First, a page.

According to the folks at the Davinci Institute, there are:
- More than 3.5 million songs available on iTunes.
- More than 4 million books available on Amazon alone.
- More than 60 million blogs available online.
- More than 4 million entries on Wikipedia.
- More than 6 million videos on YouTube.
Yet, in a Pew research poll from last August, while 58 percent of Americans claimed they followed “international affairs,” only 28% could name the British prime minister. And while two out of every three respondents said they followed “political figures and events in Washington,” only 43 percent could name the American Secretary of State at that time.
Given that we are in the midst of an information age, the fact that so many of us are uninformed has experts scratching their heads. Is the failure one of effort or a result of the pace of our society? Is it a lack of intellectual prowess that prevents the assimilation of all the available information or an overall malaise that overcomes even the most well-intentioned of efforts?
While access is now less limited, the sheer volume of material available has many contending that the issue is simply one of information overload. A Washington Post editorial by Dusty Horwitt, “If Everyone’s Talking, Who Will Listen?” recently made such a claim.
Horwitt asserted that TMI (too much information) was the root cause of many societal issues today. Readers will find that he even went so far as to assert that the volume of information available had the potential to undermine our democracy.
While it is a frequent assertion, it is interesting to note that Tim Stahmer at Assorted Stuff isn’t buying the notion of Horwitt’s suggestions as to how to better handle information moving forward. Stahmer is suspect of such a message, one that contends the volume of information available “is burying us in extraneous data” and preventing “important facts and knowledge from reaching a broad audience,” especially since it is coming from someone who works in the now-failing, traditional media market.
“Maybe his concern is that fewer people are reading big media publications like the Post.”
Stahmer then adds the words of Ben Stein to the mix, yet another of those who has at times insisted society would be far better off with a more limited flow of information. As one might expect, the blogger has a different take.
He does not favor a return to “a few traditional filters of …. information (like the Post, the Times, and Ben Stein)” being “the ones telling us what’s important.” Instead, Stahmer insists, “I’d rather learn to sift through the flow of data myself.”
It is a strong message, one that insinuates that big media simply wants to return itself to its former position of power, i.e., the aforementioned situation where once upon a time knowledge was held by a select few.
Columbia Journalism Review
Bree Nordenson offers some additional insight into the matter in “Overload! Journalism’s Battle for Relevance in an Age of Too Much Information.” Given that the piece is on the Columbia Journalism Review site and the recent revelations that the school is in fact rethinking its journalism program, we probably should attach the same healthy skepticism to Nordenson’s piece as Stahmer attaches to the Post writer.
But still, buried within the article, is some very helpful information. First, there is a great synopsis of the change in available information.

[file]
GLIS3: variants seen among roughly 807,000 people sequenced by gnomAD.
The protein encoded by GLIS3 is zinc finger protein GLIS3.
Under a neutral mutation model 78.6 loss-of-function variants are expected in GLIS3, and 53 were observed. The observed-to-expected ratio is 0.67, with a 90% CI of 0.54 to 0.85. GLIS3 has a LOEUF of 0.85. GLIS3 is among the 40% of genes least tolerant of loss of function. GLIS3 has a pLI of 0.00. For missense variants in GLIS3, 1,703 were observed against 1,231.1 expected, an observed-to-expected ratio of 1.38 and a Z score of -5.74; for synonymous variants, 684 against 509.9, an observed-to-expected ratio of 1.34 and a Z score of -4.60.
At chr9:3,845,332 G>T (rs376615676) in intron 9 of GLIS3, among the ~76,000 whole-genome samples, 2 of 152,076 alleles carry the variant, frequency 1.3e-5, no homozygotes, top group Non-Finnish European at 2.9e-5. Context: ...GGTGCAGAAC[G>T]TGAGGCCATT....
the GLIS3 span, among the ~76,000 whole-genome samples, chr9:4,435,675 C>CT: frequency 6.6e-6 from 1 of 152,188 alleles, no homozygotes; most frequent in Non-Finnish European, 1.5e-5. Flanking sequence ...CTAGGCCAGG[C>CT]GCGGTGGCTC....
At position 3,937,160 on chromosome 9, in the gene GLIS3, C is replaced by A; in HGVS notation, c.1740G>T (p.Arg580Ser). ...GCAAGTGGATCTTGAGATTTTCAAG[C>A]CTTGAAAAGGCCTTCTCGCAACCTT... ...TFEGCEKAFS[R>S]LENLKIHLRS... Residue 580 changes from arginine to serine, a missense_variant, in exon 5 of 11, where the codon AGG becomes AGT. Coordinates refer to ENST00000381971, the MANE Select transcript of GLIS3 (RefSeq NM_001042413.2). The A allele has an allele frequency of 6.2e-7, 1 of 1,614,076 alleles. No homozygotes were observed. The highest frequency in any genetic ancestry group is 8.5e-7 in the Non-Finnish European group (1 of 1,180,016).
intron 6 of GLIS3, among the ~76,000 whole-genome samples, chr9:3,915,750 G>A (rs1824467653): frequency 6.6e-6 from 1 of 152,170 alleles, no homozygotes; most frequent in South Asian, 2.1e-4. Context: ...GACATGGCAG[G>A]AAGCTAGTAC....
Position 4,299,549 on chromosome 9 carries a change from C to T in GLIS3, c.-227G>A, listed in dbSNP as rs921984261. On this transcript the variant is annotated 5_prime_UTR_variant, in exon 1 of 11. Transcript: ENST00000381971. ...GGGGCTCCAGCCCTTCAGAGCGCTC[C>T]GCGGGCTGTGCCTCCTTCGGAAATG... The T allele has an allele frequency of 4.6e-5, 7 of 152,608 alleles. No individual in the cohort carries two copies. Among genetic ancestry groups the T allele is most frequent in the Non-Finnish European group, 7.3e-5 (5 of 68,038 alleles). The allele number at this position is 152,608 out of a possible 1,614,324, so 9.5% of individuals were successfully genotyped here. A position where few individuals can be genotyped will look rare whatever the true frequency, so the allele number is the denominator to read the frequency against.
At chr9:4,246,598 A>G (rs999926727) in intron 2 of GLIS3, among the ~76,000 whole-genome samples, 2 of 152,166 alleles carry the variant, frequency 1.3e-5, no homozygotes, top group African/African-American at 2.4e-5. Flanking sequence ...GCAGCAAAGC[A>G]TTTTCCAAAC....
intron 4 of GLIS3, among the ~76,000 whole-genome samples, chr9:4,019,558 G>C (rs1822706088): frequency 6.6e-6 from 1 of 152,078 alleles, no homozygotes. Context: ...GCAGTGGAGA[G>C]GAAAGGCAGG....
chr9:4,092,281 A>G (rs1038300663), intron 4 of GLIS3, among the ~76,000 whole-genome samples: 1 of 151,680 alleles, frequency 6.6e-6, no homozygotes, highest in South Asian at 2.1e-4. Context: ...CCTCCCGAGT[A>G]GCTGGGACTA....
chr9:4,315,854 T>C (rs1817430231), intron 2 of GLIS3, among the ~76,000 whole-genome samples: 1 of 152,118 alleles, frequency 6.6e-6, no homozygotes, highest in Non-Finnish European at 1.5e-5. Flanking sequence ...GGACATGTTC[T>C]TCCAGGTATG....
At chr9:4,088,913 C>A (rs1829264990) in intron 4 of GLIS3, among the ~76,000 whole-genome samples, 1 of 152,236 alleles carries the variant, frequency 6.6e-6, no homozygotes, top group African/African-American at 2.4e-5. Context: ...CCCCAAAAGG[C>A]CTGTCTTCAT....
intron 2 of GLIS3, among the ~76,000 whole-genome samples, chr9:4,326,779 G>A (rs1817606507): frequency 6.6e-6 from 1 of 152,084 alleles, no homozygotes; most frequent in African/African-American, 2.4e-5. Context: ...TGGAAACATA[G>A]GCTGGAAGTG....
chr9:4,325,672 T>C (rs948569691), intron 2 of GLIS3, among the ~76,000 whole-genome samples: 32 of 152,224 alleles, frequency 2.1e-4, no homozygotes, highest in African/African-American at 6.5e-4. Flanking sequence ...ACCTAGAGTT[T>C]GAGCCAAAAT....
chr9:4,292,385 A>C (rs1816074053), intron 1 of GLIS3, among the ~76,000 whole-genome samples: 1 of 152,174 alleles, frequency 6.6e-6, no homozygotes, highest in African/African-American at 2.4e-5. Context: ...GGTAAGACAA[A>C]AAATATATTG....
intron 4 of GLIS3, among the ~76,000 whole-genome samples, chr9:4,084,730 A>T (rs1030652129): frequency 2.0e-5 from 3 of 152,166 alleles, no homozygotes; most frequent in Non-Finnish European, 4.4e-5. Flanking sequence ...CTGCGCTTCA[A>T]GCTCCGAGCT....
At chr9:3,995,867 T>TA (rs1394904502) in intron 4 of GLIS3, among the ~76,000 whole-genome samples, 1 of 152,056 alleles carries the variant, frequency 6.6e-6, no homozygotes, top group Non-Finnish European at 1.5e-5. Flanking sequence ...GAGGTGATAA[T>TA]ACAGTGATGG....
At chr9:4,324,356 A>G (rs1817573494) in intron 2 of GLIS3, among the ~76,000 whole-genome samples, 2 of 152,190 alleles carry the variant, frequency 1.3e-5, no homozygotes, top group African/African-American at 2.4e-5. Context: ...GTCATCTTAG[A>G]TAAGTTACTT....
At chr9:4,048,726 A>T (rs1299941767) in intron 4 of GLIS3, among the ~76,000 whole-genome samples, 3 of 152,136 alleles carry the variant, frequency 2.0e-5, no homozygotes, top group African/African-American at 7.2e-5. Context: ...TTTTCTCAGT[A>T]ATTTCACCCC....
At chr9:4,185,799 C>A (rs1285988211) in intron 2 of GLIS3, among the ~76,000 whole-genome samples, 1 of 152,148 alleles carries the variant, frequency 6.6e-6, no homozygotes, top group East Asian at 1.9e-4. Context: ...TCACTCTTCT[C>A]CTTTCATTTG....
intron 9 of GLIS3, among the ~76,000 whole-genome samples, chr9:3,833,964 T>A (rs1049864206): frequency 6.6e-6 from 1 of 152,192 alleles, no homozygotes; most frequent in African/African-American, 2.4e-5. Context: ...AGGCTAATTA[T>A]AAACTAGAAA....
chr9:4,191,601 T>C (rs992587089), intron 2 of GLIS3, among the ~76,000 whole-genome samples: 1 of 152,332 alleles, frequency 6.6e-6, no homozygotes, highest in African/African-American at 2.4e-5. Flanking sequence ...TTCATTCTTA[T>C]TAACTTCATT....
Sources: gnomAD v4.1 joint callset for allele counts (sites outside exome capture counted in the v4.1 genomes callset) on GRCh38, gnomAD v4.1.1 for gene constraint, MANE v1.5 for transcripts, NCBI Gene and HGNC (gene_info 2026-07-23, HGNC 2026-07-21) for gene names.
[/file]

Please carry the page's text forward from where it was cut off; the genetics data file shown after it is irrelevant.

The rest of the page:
“The information age is defined by output: we produce far more information than we can possibly manage, let alone absorb. Before the digital era, information was limited by our means to contain it.
“Publishing was restricted by paper and delivery costs; broadcasting was circumscribed by available frequencies and airtime. The Internet, on the other hand, has unlimited capacity at near-zero cost.”
While Clay Shirky would take exception to the notion that the new information is defined by output only (we tend to agree that the new age is more defined by interaction), there is truly more information available today than any of us can completely manage. And the increase in production is obtained without the prior costs associated with distributing and storing information online.
As to why more people are not better informed about world affairs, despite the increased output, Nordenson notes that there can be a “tendency to become passive in the face of too much information.”
While that is definitely true, it is likely far more attributable to the vast array of choices now available to internet users, choices that also offer greater control and personalization. She quotes Delli Carpini and Markus Prior who offer simple explanations as to why more people are not up on key public-affairs issues.
“As choice goes up, people who are motivated to be politically informed take advantage of these choices, but people who are not move away from politics,” states Carpini. Prior adds, “Political information in the current media environment comes mostly to those who want it.”
Unlike Horwitt, Nordenson sees the new trends as having potential benefit for our democracy. She writes, “Our access to digital information, as well as our ability to instantly publish, share, and improve upon it at negligible cost, hold extraordinary promise for realizing the democratic ideals of journalism.”
But she does note, “As information proliferates, … people inevitably become more specialized both in their careers and their interests. Personalized home pages, newsfeeds, and e-mail alerts, as well as special-interest publications lead us to create what sociologist Todd Gitlin disparagingly referred to as ‘my news, my world.’ ”
To produce more savvy readers, there is a move away from the traditional news format to one Nordenson calls explanatory journalism. Such journalism goes beyond reporting a specific news event and the facts related to it.